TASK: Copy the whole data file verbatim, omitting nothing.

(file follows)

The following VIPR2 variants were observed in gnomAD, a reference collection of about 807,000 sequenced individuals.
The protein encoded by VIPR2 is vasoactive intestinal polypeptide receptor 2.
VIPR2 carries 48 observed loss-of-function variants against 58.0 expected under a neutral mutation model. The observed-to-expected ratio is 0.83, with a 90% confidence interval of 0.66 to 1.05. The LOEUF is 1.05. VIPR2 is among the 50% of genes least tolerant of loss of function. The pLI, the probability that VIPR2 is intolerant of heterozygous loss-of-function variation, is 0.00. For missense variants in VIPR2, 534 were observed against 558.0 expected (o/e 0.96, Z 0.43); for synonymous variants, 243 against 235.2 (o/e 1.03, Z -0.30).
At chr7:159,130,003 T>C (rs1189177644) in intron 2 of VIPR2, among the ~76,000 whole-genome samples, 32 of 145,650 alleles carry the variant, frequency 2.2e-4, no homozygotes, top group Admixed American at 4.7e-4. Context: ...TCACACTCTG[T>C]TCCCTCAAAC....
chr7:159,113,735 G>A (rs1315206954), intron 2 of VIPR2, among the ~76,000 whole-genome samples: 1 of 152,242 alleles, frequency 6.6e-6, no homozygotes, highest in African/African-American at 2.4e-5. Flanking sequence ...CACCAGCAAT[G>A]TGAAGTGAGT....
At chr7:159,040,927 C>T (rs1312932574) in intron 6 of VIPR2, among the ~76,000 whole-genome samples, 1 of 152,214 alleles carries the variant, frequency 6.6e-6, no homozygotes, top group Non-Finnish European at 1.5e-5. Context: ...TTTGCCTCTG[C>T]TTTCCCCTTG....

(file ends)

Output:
The following VIPR2 variants were observed in gnomAD, a reference collection of about 807,000 sequenced individuals.
The protein encoded by VIPR2 is vasoactive intestinal polypeptide receptor 2.
VIPR2 carries 48 observed loss-of-function variants against 58.0 expected under a neutral mutation model. The observed-to-expected ratio is 0.83, with a 90% confidence interval of 0.66 to 1.05. The LOEUF is 1.05. VIPR2 is among the 50% of genes least tolerant of loss of function. The pLI, the probability that VIPR2 is intolerant of heterozygous loss-of-function variation, is 0.00. For missense variants in VIPR2, 534 were observed against 558.0 expected (o/e 0.96, Z 0.43); for synonymous variants, 243 against 235.2 (o/e 1.03, Z -0.30).
At chr7:159,130,003 T>C (rs1189177644) in intron 2 of VIPR2, among the ~76,000 whole-genome samples, 32 of 145,650 alleles carry the variant, frequency 2.2e-4, no homozygotes, top group Admixed American at 4.7e-4. Context: ...TCACACTCTG[T>C]TCCCTCAAAC....
chr7:159,113,735 G>A (rs1315206954), intron 2 of VIPR2, among the ~76,000 whole-genome samples: 1 of 152,242 alleles, frequency 6.6e-6, no homozygotes, highest in African/African-American at 2.4e-5. Flanking sequence ...CACCAGCAAT[G>A]TGAAGTGAGT....
At chr7:159,040,927 C>T (rs1312932574) in intron 6 of VIPR2, among the ~76,000 whole-genome samples, 1 of 152,214 alleles carries the variant, frequency 6.6e-6, no homozygotes, top group Non-Finnish European at 1.5e-5. Context: ...TTTGCCTCTG[C>T]TTTCCCCTTG....